The Eucalypts and close allies are an icon of the Australian landscape, appearing almost everywhere except rainforests*, grasslands and wetlands** (*technically a “rainforest” with Euc’s emergent is a Wet Sclerophyll Forest, **unless it’s a Swamp Mahogany). With over 800 species in the world and around 240 species in New South Wales identification can be a bit tricky (even the experts still argue over a few, and get things wrong from time to time).

One of the first things we look at when identifying a Eucalypt (or close relative Angophora or Corymbia) is the bark, is it smooth? Rough, Stringy, Hard? Soft? If you haven’t already found it we have photos of bark types here: https://hunterlandcare.org.au/eucalypt-bark-types/ 

We also need to look at the leaves, flowers and fruit (gumnuts), looking at things like shape, size, colour, how many and so on. Again, a few typical gumnuts here: https://hunterlandcare.org.au/gumnuts/

So, this month we had a request for identification come in from Rothbury. This one was a little confusing.

At first thought with the long drooping “ribbons” of bark hanging from the forks of the tree it could be in the “Ribbon Gum” group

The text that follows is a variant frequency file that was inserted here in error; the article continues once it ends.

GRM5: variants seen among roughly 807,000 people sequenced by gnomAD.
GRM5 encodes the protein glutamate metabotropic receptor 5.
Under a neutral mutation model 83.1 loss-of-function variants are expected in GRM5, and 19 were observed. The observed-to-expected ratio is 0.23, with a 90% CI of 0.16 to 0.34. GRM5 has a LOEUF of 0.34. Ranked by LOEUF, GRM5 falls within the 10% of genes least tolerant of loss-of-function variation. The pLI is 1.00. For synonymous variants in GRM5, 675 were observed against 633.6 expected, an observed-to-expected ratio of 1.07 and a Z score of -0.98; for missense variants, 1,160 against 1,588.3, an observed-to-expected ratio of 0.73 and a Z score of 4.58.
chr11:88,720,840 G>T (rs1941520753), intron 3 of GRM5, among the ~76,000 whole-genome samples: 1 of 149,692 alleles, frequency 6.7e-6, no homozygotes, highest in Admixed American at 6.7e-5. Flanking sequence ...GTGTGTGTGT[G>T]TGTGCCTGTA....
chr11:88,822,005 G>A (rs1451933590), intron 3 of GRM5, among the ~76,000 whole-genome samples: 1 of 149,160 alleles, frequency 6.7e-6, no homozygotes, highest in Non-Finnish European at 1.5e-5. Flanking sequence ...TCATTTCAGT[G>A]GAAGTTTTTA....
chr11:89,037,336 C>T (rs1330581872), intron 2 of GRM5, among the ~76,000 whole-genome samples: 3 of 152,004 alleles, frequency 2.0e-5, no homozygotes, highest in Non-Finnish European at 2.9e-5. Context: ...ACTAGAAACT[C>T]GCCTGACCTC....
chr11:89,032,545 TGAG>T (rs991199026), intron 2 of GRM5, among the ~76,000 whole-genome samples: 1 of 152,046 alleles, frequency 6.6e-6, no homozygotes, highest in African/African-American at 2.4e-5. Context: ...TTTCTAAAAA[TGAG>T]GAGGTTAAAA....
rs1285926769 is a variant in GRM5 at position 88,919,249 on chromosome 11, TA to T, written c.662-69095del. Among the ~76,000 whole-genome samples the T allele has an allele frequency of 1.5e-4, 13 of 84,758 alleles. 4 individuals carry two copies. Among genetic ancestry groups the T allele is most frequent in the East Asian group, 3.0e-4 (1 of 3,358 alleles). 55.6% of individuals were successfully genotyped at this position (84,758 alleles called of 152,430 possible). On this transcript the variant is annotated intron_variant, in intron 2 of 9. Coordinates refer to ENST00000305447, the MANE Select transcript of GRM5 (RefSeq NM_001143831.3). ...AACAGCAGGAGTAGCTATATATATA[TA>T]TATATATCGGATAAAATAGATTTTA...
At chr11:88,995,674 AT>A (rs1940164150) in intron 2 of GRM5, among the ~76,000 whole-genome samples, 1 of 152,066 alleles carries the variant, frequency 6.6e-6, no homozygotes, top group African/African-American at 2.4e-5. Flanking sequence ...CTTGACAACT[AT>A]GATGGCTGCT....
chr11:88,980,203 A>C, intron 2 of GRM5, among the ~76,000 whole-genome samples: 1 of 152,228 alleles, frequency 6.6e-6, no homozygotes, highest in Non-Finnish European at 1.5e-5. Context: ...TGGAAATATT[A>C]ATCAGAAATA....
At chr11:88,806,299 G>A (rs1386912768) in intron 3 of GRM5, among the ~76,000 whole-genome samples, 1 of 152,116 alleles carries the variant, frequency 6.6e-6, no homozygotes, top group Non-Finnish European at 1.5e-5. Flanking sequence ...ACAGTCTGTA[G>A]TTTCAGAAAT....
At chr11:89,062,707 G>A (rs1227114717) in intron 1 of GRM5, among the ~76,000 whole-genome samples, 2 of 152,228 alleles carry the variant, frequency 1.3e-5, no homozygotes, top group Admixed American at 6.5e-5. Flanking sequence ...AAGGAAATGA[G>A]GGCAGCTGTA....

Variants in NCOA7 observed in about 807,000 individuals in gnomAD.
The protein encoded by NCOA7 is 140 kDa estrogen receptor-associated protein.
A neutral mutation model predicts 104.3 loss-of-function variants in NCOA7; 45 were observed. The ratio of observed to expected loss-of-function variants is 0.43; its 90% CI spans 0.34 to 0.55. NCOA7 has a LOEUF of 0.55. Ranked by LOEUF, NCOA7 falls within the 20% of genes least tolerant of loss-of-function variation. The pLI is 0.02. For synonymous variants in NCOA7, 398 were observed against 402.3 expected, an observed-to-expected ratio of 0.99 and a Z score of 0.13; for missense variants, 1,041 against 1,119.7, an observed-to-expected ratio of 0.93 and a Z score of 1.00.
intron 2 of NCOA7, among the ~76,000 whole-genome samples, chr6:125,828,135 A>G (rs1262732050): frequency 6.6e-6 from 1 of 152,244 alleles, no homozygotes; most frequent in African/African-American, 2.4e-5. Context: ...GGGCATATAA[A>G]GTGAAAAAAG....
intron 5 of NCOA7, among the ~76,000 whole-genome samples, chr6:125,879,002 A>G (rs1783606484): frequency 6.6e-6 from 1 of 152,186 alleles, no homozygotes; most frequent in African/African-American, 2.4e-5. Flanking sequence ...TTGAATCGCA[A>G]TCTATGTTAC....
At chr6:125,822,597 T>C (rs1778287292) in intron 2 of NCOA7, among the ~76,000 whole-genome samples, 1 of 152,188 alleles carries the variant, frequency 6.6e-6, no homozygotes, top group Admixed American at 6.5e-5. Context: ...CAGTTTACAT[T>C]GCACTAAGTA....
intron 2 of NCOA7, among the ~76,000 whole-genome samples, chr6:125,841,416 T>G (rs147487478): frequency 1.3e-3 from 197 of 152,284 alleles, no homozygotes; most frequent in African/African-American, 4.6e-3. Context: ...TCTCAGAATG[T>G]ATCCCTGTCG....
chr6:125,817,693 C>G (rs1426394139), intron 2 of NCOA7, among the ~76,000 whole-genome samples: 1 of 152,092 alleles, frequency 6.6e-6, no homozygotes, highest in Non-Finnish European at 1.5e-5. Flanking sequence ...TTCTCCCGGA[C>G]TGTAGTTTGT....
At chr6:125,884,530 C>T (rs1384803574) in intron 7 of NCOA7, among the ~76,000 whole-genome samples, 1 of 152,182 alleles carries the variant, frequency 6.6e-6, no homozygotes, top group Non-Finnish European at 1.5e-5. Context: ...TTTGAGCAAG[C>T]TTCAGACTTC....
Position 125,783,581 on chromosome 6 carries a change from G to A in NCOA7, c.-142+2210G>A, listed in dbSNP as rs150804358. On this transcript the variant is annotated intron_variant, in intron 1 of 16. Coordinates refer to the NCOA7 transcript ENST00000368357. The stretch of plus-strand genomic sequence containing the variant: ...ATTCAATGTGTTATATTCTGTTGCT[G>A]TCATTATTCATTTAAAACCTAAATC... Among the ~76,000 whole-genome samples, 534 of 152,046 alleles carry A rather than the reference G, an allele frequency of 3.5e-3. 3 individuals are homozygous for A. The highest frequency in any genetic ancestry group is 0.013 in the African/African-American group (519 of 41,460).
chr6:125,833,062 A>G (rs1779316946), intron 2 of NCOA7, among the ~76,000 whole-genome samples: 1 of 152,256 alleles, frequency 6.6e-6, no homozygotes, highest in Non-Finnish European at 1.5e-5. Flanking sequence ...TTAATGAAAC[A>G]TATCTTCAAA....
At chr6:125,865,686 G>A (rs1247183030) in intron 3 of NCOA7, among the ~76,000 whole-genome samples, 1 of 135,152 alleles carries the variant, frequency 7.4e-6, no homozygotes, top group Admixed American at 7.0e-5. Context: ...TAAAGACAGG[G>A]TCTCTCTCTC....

However, the lower bark looks a bit like Yellow Box (E. melliodora

Flowers and buds look nothing like the ones for Yellow Box (Yellow Bux buds look similar to River Red Gum buds), Ribbon Gum has flowers in groups of 3, this has them in groups of 7, let’s have a look at the fruits.

Fruits are a rounded shape with raised disc and exserted (pointing out) valves typical of the Red Gums. So, working through the local redgums, Forest Red Gum (E. tereticornis) has a long “terete” calyptra (also known as an operculum – the little cap covering the flower), River Red Gum (E. camaldulensis)  has a rounded calyptra with a distinct peak, Parramatta Red Gum (E. parramattensis) has a hemispherical calyptra and the disc isn’t as raised as this one, leaving us with a choice between Blakely’s Red Gum (E. blakelyi) or Slaty Red Gum (E. glaucina).  Without photographs of the juvenile leaves and close ups of the fruit I really can’t say for certain, but Slaty Red Gum is a listed vulnerable species under both State and Commonwealth legislation.   

The bark isn’t quite right coming off in small chunks rather than large plates but you have to remember the first rule of Botany: Plants can’t read books.